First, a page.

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Web Performance Optimization

An average user stays in your site if the page loads in < 1000ms. In 2014, an average page size is 1.9MB. See the below chart for more stats.


via source httparchive

The core content of site should render with in 1000ms. If it fails, then the user is never gonna come back to your site again. By improving page load time, the revenue and downloads increased tremendously for many popular companies.

Steps involved in site optimization

  1. Set performance budget.

  2. Measuring the current performance.

  3. Find the problem causing performance issue.

  4. And finally yay, optimize it.

There are several ways to optimize your site, Lets see about it

Speed Index

Speed index is the average time at which visible parts of page is painted in the browser. Expressed in milliseconds and also depends on the viewport size. See below image ( video frames to show web page load at seconds ).

Lower speed index score is the better score.

Speed Index

Speed index can be measured by using Webpagetest (maintained by google).


Webpage test has lots features like running multiple test in different locations using different browsers. And can measure other metrics like load time, number of DOM elements, first byte time etc..

Eg: checkout the measured result of amazon here using webpagetest.

Watch the below video by Patrick Meenan to know more about webpagetest

Render Blocking

If you know how a browser works, then you know about how HTML, CSS, JS are parsed by browser and which is blocking the rendering of the page. If you don’t, see the below simple diagrammatic representation below.

How parsing is done in the browser

Read more about how a browser works written by Tali Garsiel and Paul Irish.

Steps involved in rendering in a browser

  1. First browser parses HTML markup to construct DOM tree ( DOM = Document Object Model )

  2. Then parses CSS to construct CSSOM tree ( CSSOM = CSS Object Model )

  3. Before combining both DOM and CSSOM tree to contruct Render tree, JS files are parsed and executed.

Now you understood how parsing is done in a browser. Lets see which is blocking the construction of rendering tree.

Render-Blocking CSS

CSS is treated as render blocking. For the construction of CSSOM, all the CSS are downloaded regardless of whether they are used in current page or not.

To solve this render-blocking, go through below steps

  1. Inline the critical CSS, that is most important styles used by page above the fold in head tag inside <style></style>

  2. Remove the unused CSS.

So how do I find unused CSS.

  1. Use Pagespeed Insight to get stats like unused CSS, render-blocking CSS and JS files etc.

    Eg: Flipkart’s Pagespeed Insight result here.

  2. Gulp tasks like gulp-uncss or use Grunt tasks like grunt-uncss. If you don’t no what is grunt or gulp, read my previous post.


  1. Use CSS Stats to get total no of elements used, no of unique styles, fonts etc.

  2. Pagespeed Insight Chrome Extention.

  3. Tag Counter Chrome Extention.

Render-Blocking Javascript

If the browser encounter’s javascript while parsing the HTML markup, the parsing is stopped. Only after executing the script, the HTML rendering will be continued. So this block’s the rendering of the page.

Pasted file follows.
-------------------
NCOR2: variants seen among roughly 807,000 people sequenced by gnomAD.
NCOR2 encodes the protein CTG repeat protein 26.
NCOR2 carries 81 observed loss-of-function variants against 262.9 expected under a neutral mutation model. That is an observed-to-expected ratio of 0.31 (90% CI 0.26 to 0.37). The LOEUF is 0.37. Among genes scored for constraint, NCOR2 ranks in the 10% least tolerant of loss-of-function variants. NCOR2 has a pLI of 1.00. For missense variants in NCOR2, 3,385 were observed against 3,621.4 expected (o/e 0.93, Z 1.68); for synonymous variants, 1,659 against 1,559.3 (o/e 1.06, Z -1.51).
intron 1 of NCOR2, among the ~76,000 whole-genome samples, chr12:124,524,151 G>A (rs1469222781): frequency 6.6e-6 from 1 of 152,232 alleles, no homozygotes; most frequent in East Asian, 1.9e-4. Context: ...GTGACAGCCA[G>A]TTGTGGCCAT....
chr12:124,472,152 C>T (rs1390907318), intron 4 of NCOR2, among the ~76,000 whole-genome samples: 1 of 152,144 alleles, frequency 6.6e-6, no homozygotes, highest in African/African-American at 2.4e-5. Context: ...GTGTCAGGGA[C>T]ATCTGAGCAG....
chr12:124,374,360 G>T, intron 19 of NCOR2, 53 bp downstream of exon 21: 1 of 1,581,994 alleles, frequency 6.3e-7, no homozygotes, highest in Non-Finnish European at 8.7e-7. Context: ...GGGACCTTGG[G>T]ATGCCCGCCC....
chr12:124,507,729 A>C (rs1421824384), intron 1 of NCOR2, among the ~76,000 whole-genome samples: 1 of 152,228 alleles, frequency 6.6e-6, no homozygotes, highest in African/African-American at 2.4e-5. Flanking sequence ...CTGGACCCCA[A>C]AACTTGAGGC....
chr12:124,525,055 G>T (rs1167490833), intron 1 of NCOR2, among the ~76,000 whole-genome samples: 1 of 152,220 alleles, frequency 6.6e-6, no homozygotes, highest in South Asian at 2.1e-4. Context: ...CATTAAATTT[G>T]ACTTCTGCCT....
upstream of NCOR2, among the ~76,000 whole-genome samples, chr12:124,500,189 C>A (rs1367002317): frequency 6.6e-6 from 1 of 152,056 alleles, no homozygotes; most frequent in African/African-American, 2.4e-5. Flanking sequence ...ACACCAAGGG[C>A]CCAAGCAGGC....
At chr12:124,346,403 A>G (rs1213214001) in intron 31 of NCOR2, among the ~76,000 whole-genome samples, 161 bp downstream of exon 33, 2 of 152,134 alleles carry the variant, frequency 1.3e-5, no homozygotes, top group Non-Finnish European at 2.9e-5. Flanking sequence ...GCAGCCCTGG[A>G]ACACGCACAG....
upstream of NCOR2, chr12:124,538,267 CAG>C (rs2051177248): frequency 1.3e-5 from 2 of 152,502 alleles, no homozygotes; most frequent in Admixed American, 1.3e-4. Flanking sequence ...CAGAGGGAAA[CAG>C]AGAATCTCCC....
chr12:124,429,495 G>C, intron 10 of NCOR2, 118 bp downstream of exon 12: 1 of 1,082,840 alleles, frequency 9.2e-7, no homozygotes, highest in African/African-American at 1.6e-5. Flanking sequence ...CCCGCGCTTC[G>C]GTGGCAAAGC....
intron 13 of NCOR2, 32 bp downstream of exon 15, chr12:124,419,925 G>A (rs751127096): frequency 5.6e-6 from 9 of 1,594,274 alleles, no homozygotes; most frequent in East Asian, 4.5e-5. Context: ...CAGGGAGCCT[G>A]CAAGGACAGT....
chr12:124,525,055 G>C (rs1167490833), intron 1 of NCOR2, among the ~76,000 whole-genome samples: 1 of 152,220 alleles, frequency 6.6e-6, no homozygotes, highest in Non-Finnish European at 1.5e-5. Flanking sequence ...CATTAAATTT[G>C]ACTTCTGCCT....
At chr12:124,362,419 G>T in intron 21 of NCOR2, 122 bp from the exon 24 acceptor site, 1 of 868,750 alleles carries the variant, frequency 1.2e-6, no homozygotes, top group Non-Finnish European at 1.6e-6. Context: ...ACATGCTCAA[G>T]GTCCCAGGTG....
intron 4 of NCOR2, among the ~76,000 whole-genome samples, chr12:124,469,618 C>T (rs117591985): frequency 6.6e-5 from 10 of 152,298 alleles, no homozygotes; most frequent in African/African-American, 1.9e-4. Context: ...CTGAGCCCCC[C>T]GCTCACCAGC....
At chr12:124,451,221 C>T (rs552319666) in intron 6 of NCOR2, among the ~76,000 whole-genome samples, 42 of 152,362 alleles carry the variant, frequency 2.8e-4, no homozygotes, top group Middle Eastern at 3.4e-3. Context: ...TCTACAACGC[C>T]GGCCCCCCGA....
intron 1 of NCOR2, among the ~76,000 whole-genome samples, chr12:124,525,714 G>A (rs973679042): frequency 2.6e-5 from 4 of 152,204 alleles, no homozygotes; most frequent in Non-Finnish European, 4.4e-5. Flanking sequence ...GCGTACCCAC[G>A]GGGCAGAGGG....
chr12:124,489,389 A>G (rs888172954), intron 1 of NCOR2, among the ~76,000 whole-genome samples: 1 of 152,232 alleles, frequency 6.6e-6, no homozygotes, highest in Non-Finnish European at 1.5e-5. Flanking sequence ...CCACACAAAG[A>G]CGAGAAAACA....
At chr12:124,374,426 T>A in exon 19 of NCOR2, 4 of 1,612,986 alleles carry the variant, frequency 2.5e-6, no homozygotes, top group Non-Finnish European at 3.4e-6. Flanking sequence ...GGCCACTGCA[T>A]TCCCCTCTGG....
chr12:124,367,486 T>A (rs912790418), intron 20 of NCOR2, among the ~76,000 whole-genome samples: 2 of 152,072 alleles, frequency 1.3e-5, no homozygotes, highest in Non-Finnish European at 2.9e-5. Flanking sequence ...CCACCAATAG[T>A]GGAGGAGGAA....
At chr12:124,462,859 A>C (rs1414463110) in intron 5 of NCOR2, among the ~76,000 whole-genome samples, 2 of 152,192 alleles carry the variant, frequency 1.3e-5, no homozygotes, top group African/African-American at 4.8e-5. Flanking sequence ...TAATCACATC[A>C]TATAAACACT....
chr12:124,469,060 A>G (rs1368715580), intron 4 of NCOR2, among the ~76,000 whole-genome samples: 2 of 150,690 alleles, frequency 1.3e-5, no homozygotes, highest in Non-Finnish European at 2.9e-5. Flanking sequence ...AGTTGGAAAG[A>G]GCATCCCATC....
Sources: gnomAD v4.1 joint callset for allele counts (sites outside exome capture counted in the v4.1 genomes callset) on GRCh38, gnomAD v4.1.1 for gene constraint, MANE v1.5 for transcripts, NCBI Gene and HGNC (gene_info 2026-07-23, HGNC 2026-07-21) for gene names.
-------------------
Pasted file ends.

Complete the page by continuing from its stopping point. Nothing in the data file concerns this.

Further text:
To solve this

Use async or defer attribute in <script></script> tag.

  1. <script async> will download the file during the HTML parsing and execute it as soon as the file is downloaded.

  2. <script defer> will download the file during the HTML parsing and will execute it after HTML parsing is completed.

Eg: async and defer both are used in Google Analytics

Browser support for async and defer.

Memory Leaks

Memory leaks and Bloat is one of the problems faced by web developers. Lets see how to find a memory leak and later solve them.

Lets find Memory Leak in Javascript

  1. Using Chrome Task Manager to check memory used by app as well js memory (total + live memory). If your memory keeps on growing on each action, then you can suspect there is a memory leak.

See below the screenshot of Chrome Task Manager

Speed Index

Chrome DevTools Profiling

Use Heap Profiler to find memory leak. Open chrome devTools and go to profiles tab and select take heap snapshot. If you don’t know about chrome DevTools, read my previous post.

Screenshot for Chrome DevTools Profiler

heap snapshot

The Heap Profiler has 4 snapshot views

  1. Summary View - To show total number of objects allocated and its instance, Shallow Size (size of the memory of obj itself) and Retained Size (size of the memory that will be freed once automatic GC happens + unreachable object).

  2. Comparison View - To compare two or more snapshots before and after a operation to check memory leak.

  3. Containment View - To show overall view of your app object structure + DOMWindow Objects (that is global obj’s), GC roots, Native objects (from the browser).

  4. Dominators View - This will show the dominators tree of a heap graph.

Read more in detail about Heap profiler.

DOM Leak

Reference to DOM elements causes DOM Leak and prevents automatic garbage collection(GC) process.

Lets see an example

<div id="container">
  <h1 id="heading">I am just a heading nothing much</h1>
var parentEle = document.getElementById('container'); //get parent ele reference
var headingEle = document.getElementById('heading'); //get child ele reference
parentEle.remove(); //removes parent element from DOM
//but its child ref still exist, So parentEle won't collect GC'd and causes DOM Leak

Let’s fix this DOM leak by making its reference null

headingEle = null; //Now parentEle will be GC'd

The above are common problems faced by web developers. Thats all for today. If you like my post share it or have a doubt comment below. Thanks!!